Owen ready to embrace attacking philosophy

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The Independent Football

No goal, no chance and barely a sniff of the Bolton penalty box: in a different era, under a different manager, Michael Owen's Saturday night would have felt like just another 90 minutes of his contractual obligation fulfilled.

It would be another day towards his departure from Newcastle United.

But not now. Kevin Keegan's return may have fizzled out as a difficult evening unfolded for the understrength hosts, but Owen did not look inconsolable on the final whistle. The captain's armband would now appear to be his to lose and, with that swift decision, Keegan has neutralised whatever England acid there was between the two men.

Owen did not speak afterwards, which was strange, because he still needs to win this crowd around. His injuries have been serious and not his fault but in his 29th month at the club, this was his 28th league game. There has been no continuity to breed rapport.

But Owen's newspaper column yesterday revealed a depth of enthusiasm for the new regime that will surprise regulars at St James' Park. Owen may even be surprised himself. He and Keegan met after last Wednesday's FA Cup win over Stoke – when Owen scored Newcastle's first goal of 2008, his first since October – and while their conversation was described as "brief" it was also "vital". Owen had concerns as to how Keegan would read the England comments in the player's autobiography. He was no doubt relieved that Keegan dismissed them.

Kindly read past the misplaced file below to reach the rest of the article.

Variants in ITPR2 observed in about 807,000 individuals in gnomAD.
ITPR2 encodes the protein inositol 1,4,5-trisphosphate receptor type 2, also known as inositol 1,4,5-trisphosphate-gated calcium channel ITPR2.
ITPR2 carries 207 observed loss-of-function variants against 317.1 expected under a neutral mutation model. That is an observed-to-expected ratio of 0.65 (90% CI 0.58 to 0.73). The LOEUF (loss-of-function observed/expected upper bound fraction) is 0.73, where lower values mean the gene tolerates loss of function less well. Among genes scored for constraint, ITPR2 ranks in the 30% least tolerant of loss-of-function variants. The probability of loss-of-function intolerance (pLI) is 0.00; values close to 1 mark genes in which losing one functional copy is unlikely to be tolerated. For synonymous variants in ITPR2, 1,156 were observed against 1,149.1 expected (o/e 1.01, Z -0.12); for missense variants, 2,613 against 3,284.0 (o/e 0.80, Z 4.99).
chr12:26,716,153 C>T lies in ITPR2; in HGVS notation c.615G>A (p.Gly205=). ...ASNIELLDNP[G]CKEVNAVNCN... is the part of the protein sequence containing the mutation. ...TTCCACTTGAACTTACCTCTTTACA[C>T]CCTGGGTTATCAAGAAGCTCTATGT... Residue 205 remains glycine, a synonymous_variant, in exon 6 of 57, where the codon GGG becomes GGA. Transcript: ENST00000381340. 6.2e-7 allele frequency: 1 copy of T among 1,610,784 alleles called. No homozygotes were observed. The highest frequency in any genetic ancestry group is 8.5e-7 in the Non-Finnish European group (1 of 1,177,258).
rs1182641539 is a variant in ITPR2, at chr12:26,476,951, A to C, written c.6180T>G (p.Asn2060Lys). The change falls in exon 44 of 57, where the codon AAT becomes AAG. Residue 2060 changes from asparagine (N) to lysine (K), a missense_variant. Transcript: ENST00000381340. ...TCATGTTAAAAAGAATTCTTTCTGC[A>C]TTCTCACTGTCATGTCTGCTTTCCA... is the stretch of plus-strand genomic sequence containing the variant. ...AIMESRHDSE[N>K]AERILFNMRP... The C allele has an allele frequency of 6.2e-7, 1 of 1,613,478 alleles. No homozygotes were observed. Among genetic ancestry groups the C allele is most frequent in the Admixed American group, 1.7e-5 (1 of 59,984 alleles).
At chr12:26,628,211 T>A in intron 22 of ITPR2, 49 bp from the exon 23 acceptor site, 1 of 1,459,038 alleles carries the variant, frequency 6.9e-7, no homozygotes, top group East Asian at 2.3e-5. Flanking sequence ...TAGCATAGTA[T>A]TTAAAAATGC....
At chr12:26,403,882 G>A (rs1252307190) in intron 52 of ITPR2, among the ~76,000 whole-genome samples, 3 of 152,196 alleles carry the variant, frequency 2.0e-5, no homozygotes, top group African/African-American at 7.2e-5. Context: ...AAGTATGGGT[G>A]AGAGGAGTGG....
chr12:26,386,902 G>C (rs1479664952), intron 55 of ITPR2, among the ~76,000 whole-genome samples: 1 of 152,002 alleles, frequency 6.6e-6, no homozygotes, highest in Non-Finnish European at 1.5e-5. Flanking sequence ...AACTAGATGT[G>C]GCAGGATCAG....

"Kevin sat next to me and said: 'You've played for some big clubs like Liverpool and Real Madrid and have experienced what the atmosphere can be like there. But, believe me, you haven't seen half of what this place can be like yet'."

Had he been sceptical, Owen could have been forgiven. This was the patter Alan Shearer had given him in August 2005 when Owen was hoping Liverpool would helicopter in to rescue him from Madrid. But Liverpool's reticence and Newcastle's money won even if, on that dramatic unveiling day, Owen looked unconvinced. "My head's spinning," he said.

On Wednesday it spun around to see his fourth Newcastle manager, but... "Kevin convinced me that there are exciting times ahead for Newcastle. I definitely want to be part of it. You tell me a striker who wouldn't want to play in a team with Kevin Keegan as manager.

"Managers can have different philosophies. For instance, Sam Allardyce might prefer to concentrate on his back four, keep a clean sheet and nick a 1-0 result. Kevin Keegan will also want to keep a clean sheet but he will want to put on an entertaining performance and score plenty of goals – and that means everything to me. He definitely believes in playing more football, with plenty of passing and movement. I will settle for that."

Prepared to concede that he had "no divine right" to be picked by Keegan at Euro 2000, there has been a mutual softening of stances. Owen sounded genuine when he spoke of Keegan's impact on Wednesday. The players did not know he was in the stadium until half-time.

"You could sense there was a change of mood around the club. There was an even bigger buzz in training on Friday morning. The session was no different to normal but you could sense there was an extra spring in everyone's step.

"Then I got home and watched Kevin's press conference. It was fantastic to see him at work. The whole room was spellbound. You could feel the enthusiasm. Anyone who is not uplifted by his arrival must have something seriously wrong with them."